Check Expiration and Cancellation Rules You Should Know About
Did you know banks aren't obligated to pay personal checks that are more than six months old? Here's what to keep in mind when it comes to cashing checks.
So you found a personal check from 2011 that you never cashed. Is it too late to deposit it?
It has happened to many of us: A birthday check from Great-Aunt Tilly goes AWOL, only to be found months—or years—later in your junk drawer. When you finally come across it, your first instinct might be to cash it. But bear this in mind: A bank is not required to pay a check that's more than six months old. The Uniform Commercial Code (UCC), tells banks that they are under no obligation to accept personal, or even business checks for that matter if the check is more than 180 days old.
"It's ultimately up to the discretion of each individual bank whether to accept a check," says L. H. Wilson, the senior counsel of the American Bankers Association, in Washington, D.C. When you bring an old check to the bank, you're taking a chance. It could be accepted, rejected, or held until the teller can speak to the person who wrote it.
According to Bankrate, some banks will process old checks if they believe the funds are still available to cover the payment. However, government regulations make clear that banks do not have to deposit a check if they have any doubt about being able to collect the cash from the issuing bank.
It's also worth noting that cashier's checks, (in case you've got one of those stashed away as well) do not necessarily follow the same expiration rules as personal checks. The guidelines are slightly vaguer, as there isn't necessarily a specified expiration date. Often these types of checks are backed by the bank that issued them and as such should be valid as long as the bank is still in business. Still, some banks will include an expiration date on the checks ranging from 60 to 90 or 180 days.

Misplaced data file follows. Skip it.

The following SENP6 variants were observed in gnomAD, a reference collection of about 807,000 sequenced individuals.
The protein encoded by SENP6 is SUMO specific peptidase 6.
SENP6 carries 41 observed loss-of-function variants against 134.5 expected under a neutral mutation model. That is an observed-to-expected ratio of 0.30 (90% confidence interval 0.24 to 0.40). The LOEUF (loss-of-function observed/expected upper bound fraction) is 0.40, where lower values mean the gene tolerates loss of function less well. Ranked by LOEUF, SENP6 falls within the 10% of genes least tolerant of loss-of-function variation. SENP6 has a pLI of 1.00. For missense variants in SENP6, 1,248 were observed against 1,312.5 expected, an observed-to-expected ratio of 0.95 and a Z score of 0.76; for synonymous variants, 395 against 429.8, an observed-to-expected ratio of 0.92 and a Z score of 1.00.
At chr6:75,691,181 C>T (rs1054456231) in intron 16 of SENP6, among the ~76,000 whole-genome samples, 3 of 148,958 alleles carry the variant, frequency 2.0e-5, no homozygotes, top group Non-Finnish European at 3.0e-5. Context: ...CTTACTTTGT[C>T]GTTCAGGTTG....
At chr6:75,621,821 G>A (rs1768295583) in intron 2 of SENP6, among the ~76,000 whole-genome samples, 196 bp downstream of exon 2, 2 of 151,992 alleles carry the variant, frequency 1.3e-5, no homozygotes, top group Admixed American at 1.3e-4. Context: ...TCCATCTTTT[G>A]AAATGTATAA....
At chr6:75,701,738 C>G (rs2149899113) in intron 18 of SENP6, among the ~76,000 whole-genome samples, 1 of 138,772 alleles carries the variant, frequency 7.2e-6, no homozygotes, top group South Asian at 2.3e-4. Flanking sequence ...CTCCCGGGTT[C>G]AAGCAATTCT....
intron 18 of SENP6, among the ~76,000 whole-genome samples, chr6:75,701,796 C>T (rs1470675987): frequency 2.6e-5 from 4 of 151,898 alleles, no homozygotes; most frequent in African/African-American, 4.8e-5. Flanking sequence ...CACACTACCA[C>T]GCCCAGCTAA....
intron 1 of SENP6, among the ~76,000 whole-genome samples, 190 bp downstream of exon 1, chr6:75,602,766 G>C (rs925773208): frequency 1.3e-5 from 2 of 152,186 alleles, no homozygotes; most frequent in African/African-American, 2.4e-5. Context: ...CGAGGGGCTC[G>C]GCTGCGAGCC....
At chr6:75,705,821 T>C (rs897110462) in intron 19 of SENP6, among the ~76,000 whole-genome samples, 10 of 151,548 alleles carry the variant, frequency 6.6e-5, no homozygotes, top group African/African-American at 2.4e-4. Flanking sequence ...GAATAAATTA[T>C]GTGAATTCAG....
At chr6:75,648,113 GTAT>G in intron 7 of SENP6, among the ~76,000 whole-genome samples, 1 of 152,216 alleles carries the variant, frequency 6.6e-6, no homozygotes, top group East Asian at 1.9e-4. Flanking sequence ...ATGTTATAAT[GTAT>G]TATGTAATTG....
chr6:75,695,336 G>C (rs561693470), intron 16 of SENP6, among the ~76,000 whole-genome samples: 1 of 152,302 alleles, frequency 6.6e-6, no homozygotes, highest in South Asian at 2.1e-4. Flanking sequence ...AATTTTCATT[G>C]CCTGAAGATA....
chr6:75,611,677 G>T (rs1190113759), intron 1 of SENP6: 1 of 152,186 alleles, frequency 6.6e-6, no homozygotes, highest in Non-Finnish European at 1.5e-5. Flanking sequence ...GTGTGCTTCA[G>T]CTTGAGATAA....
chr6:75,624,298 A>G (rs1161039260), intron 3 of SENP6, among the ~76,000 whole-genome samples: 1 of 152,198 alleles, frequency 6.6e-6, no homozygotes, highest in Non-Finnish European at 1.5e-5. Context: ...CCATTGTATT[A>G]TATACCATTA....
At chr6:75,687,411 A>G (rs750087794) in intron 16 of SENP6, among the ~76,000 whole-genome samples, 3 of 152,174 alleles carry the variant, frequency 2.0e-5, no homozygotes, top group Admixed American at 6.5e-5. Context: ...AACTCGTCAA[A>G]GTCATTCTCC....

The primary point to remember is that if you've stumbled across an old check made out to you, one of the first steps to take is to reach out to your bank (or in the cash of a cashier's check you might try the issuing bank) and verify the current policy.
Of course, legalities aren't the only concern. Common courtesy matters, too—particularly with personal checks. "When someone writes a check, she expects it to be cashed immediately," says Jeff Stukey, the owner of Stukey Financial Planning, in Wichita, Kansas. After a lot of time has passed, the money may not be available, says Stukey, since many people keep enough in checking for just a month's expenses. By quietly depositing this check, you could accidentally empty the check writer's account. Wouldn't it be awful if your great-aunt's kind gesture were rewarded with a hefty overdraft fee?
Overdraft challenges may not be the only concern when cashing an old check without the knowledge of the person who wrote it. You also run the risk of the account number or routing numbers having been changed over the many months that have elapsed.
If the check is for a small sum (say, $20 or under), you may want to simply chuck it. If it's a larger amount, give the check writer a call and ask if it would still be acceptable to cash it, says Sue Fox, the founder of Etiquette Survival, a professional development company in Pleasanton, Calif.
If the bank then rejects the check, it's fine to call the check writer and ask for a new one to cash. And in the future, remember it's always best practice to cash a check right away to avoid any problems.
And one last note: Be sure to send a thank-you card to the person who wrote you the check as a follow-up. And this time, be quick about it.